Gila River football player Jeremy Mercier is officially a Utah Ute. The redshirt sophomore linebacker made things official when he inked his National Letter of Intent on Wednesday night at Union Grill in Gilbert.
“I can’t wait to put that helmet on and start playing,” Mercier said. “I know it’s going to be a lot of work, but I don’t come from much so I’m ready to get it started and I’m ready to get to work. I want to show the world what I got. I’m gonna take this opportunity and I’m going to run with it,”
The Gila River Hawks are part of the Hohokam Junior College Athletic Conference, which is the new home for Junior College football in Arizona. The 2019 season was the initial year for both the program and the conference, as it was created after the Maricopa County Junior College system decided to do away with football.
Mercier was recruited out of high school by Coach Felker when he was the coach at Mesa Community College. A local product of Basha High School, Mercier felt like although he needed some growth, he flew under the radar. Mercier decided to take a chance on himself by taking the community college, which was what Mercier ultimately decided was the best option.
He redshirted his freshman season with MCC before playing for the program in its final season. When Felker took the job as the coach of Gila River, Mercier followed.
“He had the faith and confidence and he trusted me. He took a leap,” Coach Felker said.
Mercier followed the process for the first three years of his career and it’s ultimately paying off. He is the first player in the HJCAC to receive a Power 5 scholarship. Mercier said that Utah was one of the schools that decided to pull the trigger and take the chance on him, which is something that a number of other programs were hesitant about.
“We had a few talks with PAC-12 teams but the first ones to hit me up were really the University of Utah and Utah State. Those were the two schools that really pulled the trigger on me,” Mercier said. “They took a chance on me so I’m gonna make sure they don’t regret it.”
During his three years going through the junior college program in Arizona, Mercier was able to grow in a number of ways. Not only was he able to continue improving as a linebacker on the field and mature mentally, he also was able to mature physically. Part of that was because of Coach Toby Wright.
Wright is a local kid himself who, through hard work and dedication, was able to make a name for himself. A graduate of Dobson High School, Wright played football at Mesa Community College before going on to play football at the University of Nebraska. Wright went on to become a hall of famer at Nebraska and was drafted in the second round of the 1994 draft. During his time in the NFL, he played for both the Rams and the Redskins.
For Wright, being part of Mercier’s process is his way of giving back to the community that helped him achieve all he was able to achieve. He called himself a “hit or miss guy,” who didn’t have a ton of opportunities right out of high school. However, through his hard work and the village of people who helped him get to the next level, he was able to achieve his dreams.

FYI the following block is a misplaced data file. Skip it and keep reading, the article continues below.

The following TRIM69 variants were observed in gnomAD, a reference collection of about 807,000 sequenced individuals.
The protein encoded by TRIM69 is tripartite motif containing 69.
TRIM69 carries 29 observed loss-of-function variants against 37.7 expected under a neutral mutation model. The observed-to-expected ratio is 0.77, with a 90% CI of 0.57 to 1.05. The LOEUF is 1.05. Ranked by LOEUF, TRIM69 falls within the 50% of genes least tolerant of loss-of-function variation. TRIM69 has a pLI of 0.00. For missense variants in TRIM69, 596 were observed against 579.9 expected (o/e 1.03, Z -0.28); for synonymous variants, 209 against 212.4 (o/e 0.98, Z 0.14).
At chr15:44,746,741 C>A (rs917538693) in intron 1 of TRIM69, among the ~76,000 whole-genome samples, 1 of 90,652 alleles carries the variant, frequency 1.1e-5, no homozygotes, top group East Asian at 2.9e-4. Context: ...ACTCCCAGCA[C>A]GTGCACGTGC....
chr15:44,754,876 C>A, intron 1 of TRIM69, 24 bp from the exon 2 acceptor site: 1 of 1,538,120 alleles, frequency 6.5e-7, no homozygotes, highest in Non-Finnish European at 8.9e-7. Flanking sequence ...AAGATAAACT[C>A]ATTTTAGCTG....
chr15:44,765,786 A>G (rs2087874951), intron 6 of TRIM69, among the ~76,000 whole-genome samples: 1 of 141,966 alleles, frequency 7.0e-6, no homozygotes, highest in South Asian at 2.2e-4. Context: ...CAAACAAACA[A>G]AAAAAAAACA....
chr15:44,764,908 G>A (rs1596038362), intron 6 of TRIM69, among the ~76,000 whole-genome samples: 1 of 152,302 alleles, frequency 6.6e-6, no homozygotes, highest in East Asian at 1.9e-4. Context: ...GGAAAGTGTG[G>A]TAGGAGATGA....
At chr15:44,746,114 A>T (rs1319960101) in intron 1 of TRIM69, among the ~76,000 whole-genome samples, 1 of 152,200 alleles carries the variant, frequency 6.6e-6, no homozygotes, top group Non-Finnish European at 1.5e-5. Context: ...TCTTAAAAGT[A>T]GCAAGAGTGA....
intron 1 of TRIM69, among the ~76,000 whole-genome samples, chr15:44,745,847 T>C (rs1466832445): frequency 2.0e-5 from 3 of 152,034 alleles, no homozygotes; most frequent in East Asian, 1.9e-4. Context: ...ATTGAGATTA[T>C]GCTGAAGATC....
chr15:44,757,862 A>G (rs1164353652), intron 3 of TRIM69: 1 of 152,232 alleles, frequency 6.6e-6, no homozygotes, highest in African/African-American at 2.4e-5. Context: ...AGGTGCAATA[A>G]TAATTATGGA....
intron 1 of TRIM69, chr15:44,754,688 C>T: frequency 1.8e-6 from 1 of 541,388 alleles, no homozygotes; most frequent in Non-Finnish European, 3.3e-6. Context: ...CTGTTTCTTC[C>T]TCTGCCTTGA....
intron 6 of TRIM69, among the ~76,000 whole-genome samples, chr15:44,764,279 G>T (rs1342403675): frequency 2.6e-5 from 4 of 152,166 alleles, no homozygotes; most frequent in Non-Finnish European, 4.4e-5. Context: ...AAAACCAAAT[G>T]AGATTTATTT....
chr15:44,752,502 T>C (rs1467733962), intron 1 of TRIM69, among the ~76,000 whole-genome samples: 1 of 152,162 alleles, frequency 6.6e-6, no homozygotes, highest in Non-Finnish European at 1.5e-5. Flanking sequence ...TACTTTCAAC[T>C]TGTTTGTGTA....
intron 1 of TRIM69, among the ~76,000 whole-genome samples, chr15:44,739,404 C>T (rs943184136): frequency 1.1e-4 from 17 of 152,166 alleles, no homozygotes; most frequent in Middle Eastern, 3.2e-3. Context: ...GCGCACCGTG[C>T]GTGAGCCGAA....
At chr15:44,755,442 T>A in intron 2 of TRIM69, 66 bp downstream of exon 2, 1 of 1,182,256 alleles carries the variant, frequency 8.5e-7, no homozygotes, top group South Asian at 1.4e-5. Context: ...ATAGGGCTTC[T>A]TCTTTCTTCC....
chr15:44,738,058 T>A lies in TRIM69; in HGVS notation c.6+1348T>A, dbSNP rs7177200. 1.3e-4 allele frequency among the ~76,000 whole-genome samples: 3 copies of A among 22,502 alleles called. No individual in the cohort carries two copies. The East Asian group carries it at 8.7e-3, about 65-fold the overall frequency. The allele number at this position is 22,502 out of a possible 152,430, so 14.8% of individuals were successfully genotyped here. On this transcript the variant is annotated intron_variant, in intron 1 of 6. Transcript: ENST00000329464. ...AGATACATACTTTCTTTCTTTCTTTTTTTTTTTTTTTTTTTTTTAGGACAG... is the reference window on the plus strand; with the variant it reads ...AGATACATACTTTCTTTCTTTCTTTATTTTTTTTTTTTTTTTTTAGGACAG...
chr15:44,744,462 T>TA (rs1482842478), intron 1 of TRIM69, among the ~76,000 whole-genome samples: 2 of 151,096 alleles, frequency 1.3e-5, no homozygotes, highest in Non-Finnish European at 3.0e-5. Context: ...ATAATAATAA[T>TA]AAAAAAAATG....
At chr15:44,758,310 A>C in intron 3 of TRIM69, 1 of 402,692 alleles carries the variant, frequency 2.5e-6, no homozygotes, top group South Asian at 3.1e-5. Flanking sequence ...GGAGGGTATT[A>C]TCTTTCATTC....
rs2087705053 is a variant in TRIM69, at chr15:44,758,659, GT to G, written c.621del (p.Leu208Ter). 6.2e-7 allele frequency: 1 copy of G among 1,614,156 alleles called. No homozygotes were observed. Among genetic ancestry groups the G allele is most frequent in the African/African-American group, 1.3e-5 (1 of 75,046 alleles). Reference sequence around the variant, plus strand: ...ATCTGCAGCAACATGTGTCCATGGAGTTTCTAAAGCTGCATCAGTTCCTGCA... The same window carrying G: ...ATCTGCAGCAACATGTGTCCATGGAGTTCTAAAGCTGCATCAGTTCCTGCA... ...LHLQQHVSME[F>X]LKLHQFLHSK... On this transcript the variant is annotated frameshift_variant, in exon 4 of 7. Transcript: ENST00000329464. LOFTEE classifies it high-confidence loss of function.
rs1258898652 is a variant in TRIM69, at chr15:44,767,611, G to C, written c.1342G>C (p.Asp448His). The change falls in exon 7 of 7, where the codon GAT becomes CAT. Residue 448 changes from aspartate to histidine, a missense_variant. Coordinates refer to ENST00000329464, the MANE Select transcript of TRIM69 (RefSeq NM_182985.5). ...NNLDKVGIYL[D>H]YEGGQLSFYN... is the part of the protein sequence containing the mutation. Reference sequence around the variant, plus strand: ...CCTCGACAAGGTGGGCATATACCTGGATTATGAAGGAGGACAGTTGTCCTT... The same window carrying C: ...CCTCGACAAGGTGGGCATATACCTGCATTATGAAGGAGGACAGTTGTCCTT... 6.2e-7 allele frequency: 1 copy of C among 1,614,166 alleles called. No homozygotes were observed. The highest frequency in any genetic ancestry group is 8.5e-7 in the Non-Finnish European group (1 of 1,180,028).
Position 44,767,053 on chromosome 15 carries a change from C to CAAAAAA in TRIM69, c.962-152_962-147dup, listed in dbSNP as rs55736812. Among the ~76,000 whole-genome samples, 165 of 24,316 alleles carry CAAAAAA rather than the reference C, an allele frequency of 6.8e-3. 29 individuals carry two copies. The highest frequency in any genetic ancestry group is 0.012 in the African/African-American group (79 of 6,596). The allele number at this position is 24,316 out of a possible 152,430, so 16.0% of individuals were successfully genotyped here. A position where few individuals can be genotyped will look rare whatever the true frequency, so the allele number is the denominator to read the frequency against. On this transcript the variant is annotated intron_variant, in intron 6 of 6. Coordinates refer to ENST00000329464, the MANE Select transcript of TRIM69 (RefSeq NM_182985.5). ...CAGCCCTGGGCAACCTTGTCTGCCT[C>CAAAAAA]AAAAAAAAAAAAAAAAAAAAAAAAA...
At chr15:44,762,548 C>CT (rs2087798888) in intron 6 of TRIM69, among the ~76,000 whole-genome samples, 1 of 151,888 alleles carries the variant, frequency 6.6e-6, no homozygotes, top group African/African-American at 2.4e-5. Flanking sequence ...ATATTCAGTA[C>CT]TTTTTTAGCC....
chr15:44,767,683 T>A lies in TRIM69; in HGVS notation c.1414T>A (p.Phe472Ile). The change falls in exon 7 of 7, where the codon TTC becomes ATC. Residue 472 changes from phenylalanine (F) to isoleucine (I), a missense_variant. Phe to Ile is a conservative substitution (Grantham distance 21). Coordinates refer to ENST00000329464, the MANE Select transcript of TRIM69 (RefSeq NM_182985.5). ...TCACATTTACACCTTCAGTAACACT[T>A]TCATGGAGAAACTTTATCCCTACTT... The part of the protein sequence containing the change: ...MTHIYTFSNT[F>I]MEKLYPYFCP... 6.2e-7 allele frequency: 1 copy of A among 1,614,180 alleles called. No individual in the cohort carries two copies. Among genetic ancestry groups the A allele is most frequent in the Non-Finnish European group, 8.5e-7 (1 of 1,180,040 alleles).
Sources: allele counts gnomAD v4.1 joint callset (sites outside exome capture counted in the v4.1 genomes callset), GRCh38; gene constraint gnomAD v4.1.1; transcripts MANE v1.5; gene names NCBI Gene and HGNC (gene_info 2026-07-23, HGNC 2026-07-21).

Wright now uses his story to help guide these players in the football process to get them where they want to be. Although Wright had a big role in helping Wright develop physically by allowing him to put on more than 40 pounds of muscle, he also helped to develop him into a young man.
“I’m just so proud of him. I remember him being a bean pole, you know, tall, lean and playing corner,” Wright said. “For him to finally have these accomplishments, it’s unexplainable.”
Felker and Wright each talked about the work ethic of Mercier and spoke about who he is as a character. Both described him as a respectful young man who comes from a great family that helped instill in him a strong set of core values. When the saying “be coachable,” comes to mind, Mercier is a perfect example of that.
“He made it simple. You just had to tell him what to do and he went and did it. Half the time, you don’t see kids like that anyway. He’s like the last of a dying breed,” Wright said. “One thing I told him is that you don’t have to go introduce yourself to any coach around there (Utah), they’re going to know you by the way you work.”
Some people initially questioned if the conference would work out and how strong the players in the program would be. However, as the season progressed, it became clear that the HJCAC was a great option for players who were interested in taking the junior college route in Arizona. Mercier is just one of many talented athletes who now have an opportunity that otherwise wouldn’t have been there.
“If this doesn’t provide credibility and legitimacy for people on the outside looking in, then what does? We have a great academic model, you don’t go to play at Utah if it doesn’t work,” Coach Felker said. “We have 21 kids with NCAA offers right now in our program alone.”
The HJCAC is looking forward to continuing helping players like Mercier as their program continues to develop. They know that Mercier is the first of many who will receive a Power 5 offer, creating an opportunity they otherwise wouldn’t have had.